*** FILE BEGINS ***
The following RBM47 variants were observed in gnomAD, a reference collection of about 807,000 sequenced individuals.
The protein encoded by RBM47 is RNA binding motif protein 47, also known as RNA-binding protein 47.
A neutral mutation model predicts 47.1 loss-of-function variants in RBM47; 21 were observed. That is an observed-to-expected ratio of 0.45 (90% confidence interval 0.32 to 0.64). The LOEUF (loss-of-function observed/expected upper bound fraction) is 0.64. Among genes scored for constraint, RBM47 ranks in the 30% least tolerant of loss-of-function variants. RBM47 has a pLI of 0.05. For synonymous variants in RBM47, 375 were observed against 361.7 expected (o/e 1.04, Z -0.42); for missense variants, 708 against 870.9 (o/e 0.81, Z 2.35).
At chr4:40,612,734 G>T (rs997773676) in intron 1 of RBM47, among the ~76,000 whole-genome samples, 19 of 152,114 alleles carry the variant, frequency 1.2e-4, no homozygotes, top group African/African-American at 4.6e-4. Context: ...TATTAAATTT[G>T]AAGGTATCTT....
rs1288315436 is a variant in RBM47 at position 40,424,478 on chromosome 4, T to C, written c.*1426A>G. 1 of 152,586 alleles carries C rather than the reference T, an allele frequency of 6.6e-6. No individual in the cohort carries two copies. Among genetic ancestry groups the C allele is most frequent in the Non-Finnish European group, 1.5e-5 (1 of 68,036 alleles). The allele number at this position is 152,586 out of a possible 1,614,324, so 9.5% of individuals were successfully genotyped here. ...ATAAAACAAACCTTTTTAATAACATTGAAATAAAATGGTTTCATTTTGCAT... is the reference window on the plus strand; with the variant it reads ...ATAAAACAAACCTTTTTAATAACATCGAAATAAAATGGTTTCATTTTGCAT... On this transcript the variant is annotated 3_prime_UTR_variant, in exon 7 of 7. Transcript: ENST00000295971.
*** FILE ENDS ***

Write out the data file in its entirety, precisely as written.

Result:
The following RBM47 variants were observed in gnomAD, a reference collection of about 807,000 sequenced individuals.
The protein encoded by RBM47 is RNA binding motif protein 47, also known as RNA-binding protein 47.
A neutral mutation model predicts 47.1 loss-of-function variants in RBM47; 21 were observed. That is an observed-to-expected ratio of 0.45 (90% confidence interval 0.32 to 0.64). The LOEUF (loss-of-function observed/expected upper bound fraction) is 0.64. Among genes scored for constraint, RBM47 ranks in the 30% least tolerant of loss-of-function variants. RBM47 has a pLI of 0.05. For synonymous variants in RBM47, 375 were observed against 361.7 expected (o/e 1.04, Z -0.42); for missense variants, 708 against 870.9 (o/e 0.81, Z 2.35).
At chr4:40,612,734 G>T (rs997773676) in intron 1 of RBM47, among the ~76,000 whole-genome samples, 19 of 152,114 alleles carry the variant, frequency 1.2e-4, no homozygotes, top group African/African-American at 4.6e-4. Context: ...TATTAAATTT[G>T]AAGGTATCTT....
rs1288315436 is a variant in RBM47 at position 40,424,478 on chromosome 4, T to C, written c.*1426A>G. 1 of 152,586 alleles carries C rather than the reference T, an allele frequency of 6.6e-6. No individual in the cohort carries two copies. Among genetic ancestry groups the C allele is most frequent in the Non-Finnish European group, 1.5e-5 (1 of 68,036 alleles). The allele number at this position is 152,586 out of a possible 1,614,324, so 9.5% of individuals were successfully genotyped here. ...ATAAAACAAACCTTTTTAATAACATTGAAATAAAATGGTTTCATTTTGCAT... is the reference window on the plus strand; with the variant it reads ...ATAAAACAAACCTTTTTAATAACATCGAAATAAAATGGTTTCATTTTGCAT... On this transcript the variant is annotated 3_prime_UTR_variant, in exon 7 of 7. Transcript: ENST00000295971.